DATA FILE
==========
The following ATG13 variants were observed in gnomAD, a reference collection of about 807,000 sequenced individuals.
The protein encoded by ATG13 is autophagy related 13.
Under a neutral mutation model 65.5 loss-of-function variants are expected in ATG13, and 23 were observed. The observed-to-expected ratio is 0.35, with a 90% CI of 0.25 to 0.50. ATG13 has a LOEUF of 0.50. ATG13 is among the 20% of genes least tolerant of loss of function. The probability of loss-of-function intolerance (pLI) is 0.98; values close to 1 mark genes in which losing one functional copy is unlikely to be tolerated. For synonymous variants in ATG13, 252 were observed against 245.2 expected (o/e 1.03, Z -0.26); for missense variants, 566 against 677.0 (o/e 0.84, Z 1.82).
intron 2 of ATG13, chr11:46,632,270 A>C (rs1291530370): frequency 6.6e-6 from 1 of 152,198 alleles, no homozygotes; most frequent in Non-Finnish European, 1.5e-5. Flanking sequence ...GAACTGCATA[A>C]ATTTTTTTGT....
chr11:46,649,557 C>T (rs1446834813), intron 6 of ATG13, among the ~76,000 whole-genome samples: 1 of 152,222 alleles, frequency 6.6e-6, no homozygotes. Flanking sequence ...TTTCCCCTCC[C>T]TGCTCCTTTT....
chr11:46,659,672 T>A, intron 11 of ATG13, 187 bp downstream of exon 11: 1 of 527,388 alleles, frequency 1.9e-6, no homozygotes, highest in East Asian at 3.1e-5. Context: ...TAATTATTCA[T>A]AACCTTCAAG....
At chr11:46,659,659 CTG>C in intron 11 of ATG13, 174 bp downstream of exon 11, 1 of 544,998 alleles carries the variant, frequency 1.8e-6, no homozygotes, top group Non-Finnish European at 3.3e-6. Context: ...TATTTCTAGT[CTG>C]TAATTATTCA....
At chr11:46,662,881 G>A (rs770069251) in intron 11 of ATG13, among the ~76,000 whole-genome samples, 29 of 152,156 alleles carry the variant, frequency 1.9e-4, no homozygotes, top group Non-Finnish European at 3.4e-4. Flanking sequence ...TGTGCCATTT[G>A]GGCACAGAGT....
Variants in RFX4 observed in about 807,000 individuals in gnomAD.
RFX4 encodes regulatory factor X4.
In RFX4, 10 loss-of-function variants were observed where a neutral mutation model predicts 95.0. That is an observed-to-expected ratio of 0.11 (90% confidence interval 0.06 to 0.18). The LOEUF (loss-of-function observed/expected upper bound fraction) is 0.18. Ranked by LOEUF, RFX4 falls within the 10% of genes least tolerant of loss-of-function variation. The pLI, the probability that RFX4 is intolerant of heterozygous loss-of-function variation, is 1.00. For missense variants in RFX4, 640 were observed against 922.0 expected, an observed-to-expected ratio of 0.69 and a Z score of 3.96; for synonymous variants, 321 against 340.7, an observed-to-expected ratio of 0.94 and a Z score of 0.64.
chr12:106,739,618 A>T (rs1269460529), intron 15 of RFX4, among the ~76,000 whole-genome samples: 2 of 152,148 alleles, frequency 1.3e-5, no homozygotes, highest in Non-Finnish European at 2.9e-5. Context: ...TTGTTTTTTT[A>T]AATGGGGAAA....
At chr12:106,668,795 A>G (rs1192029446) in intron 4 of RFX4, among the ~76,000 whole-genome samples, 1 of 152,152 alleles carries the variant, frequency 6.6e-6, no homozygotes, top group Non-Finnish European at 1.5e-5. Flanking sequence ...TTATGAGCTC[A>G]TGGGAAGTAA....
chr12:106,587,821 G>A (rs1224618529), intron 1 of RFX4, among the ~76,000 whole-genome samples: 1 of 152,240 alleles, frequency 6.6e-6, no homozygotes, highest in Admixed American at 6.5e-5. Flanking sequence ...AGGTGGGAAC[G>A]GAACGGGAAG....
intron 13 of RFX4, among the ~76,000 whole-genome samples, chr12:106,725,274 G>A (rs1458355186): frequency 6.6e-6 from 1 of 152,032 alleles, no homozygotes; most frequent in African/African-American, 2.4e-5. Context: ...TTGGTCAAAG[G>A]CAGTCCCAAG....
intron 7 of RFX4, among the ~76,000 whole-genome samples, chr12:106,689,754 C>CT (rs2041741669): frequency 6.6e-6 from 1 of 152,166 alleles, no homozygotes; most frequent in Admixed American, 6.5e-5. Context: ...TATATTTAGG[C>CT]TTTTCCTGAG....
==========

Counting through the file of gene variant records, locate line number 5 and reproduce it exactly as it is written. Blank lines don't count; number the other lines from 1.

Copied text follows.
chr11:46,649,557 C>T (rs1446834813), intron 6 of ATG13, among the ~76,000 whole-genome samples: 1 of 152,222 alleles, frequency 6.6e-6, no homozygotes. Flanking sequence ...TTTCCCCTCC[C>T]TGCTCCTTTT....